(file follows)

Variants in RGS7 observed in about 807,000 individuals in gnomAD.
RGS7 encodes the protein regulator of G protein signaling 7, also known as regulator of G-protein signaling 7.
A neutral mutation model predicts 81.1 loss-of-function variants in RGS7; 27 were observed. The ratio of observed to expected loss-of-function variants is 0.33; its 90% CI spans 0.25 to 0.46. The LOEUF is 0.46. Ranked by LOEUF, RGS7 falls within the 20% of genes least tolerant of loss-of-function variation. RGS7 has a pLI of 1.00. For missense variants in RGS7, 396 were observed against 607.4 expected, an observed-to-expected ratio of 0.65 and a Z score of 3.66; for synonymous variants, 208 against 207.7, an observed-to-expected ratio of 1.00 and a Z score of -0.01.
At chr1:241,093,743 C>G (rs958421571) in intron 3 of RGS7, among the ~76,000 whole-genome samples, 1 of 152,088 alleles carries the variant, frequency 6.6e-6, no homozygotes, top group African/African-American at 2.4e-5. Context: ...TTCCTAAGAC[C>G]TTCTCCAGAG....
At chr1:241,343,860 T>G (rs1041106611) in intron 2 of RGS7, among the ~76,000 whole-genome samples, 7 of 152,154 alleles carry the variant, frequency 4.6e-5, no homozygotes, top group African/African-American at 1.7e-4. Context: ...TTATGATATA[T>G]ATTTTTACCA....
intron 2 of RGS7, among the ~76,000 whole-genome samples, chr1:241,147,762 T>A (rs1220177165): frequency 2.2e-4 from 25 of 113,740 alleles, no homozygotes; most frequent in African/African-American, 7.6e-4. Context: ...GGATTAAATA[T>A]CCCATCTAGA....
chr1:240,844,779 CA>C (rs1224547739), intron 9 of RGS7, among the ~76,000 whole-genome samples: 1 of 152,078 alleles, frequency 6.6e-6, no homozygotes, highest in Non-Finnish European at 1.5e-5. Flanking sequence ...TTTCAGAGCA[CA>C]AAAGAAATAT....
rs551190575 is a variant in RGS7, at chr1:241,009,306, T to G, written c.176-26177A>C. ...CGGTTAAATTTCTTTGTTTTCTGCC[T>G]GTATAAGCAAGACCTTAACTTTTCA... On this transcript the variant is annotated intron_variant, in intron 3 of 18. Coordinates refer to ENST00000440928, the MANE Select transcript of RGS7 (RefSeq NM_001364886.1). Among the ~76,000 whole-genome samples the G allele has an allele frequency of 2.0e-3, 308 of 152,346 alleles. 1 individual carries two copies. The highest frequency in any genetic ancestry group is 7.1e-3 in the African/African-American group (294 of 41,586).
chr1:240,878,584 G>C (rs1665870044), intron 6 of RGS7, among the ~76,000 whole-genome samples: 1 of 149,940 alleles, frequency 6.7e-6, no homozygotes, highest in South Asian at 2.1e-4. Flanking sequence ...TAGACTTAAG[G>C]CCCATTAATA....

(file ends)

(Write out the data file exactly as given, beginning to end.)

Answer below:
Variants in RGS7 observed in about 807,000 individuals in gnomAD.
RGS7 encodes the protein regulator of G protein signaling 7, also known as regulator of G-protein signaling 7.
A neutral mutation model predicts 81.1 loss-of-function variants in RGS7; 27 were observed. The ratio of observed to expected loss-of-function variants is 0.33; its 90% CI spans 0.25 to 0.46. The LOEUF is 0.46. Ranked by LOEUF, RGS7 falls within the 20% of genes least tolerant of loss-of-function variation. RGS7 has a pLI of 1.00. For missense variants in RGS7, 396 were observed against 607.4 expected, an observed-to-expected ratio of 0.65 and a Z score of 3.66; for synonymous variants, 208 against 207.7, an observed-to-expected ratio of 1.00 and a Z score of -0.01.
At chr1:241,093,743 C>G (rs958421571) in intron 3 of RGS7, among the ~76,000 whole-genome samples, 1 of 152,088 alleles carries the variant, frequency 6.6e-6, no homozygotes, top group African/African-American at 2.4e-5. Context: ...TTCCTAAGAC[C>G]TTCTCCAGAG....
At chr1:241,343,860 T>G (rs1041106611) in intron 2 of RGS7, among the ~76,000 whole-genome samples, 7 of 152,154 alleles carry the variant, frequency 4.6e-5, no homozygotes, top group African/African-American at 1.7e-4. Context: ...TTATGATATA[T>G]ATTTTTACCA....
intron 2 of RGS7, among the ~76,000 whole-genome samples, chr1:241,147,762 T>A (rs1220177165): frequency 2.2e-4 from 25 of 113,740 alleles, no homozygotes; most frequent in African/African-American, 7.6e-4. Context: ...GGATTAAATA[T>A]CCCATCTAGA....
chr1:240,844,779 CA>C (rs1224547739), intron 9 of RGS7, among the ~76,000 whole-genome samples: 1 of 152,078 alleles, frequency 6.6e-6, no homozygotes, highest in Non-Finnish European at 1.5e-5. Flanking sequence ...TTTCAGAGCA[CA>C]AAAGAAATAT....
rs551190575 is a variant in RGS7, at chr1:241,009,306, T to G, written c.176-26177A>C. ...CGGTTAAATTTCTTTGTTTTCTGCC[T>G]GTATAAGCAAGACCTTAACTTTTCA... On this transcript the variant is annotated intron_variant, in intron 3 of 18. Coordinates refer to ENST00000440928, the MANE Select transcript of RGS7 (RefSeq NM_001364886.1). Among the ~76,000 whole-genome samples the G allele has an allele frequency of 2.0e-3, 308 of 152,346 alleles. 1 individual carries two copies. The highest frequency in any genetic ancestry group is 7.1e-3 in the African/African-American group (294 of 41,586).
chr1:240,878,584 G>C (rs1665870044), intron 6 of RGS7, among the ~76,000 whole-genome samples: 1 of 149,940 alleles, frequency 6.7e-6, no homozygotes, highest in South Asian at 2.1e-4. Flanking sequence ...TAGACTTAAG[G>C]CCCATTAATA....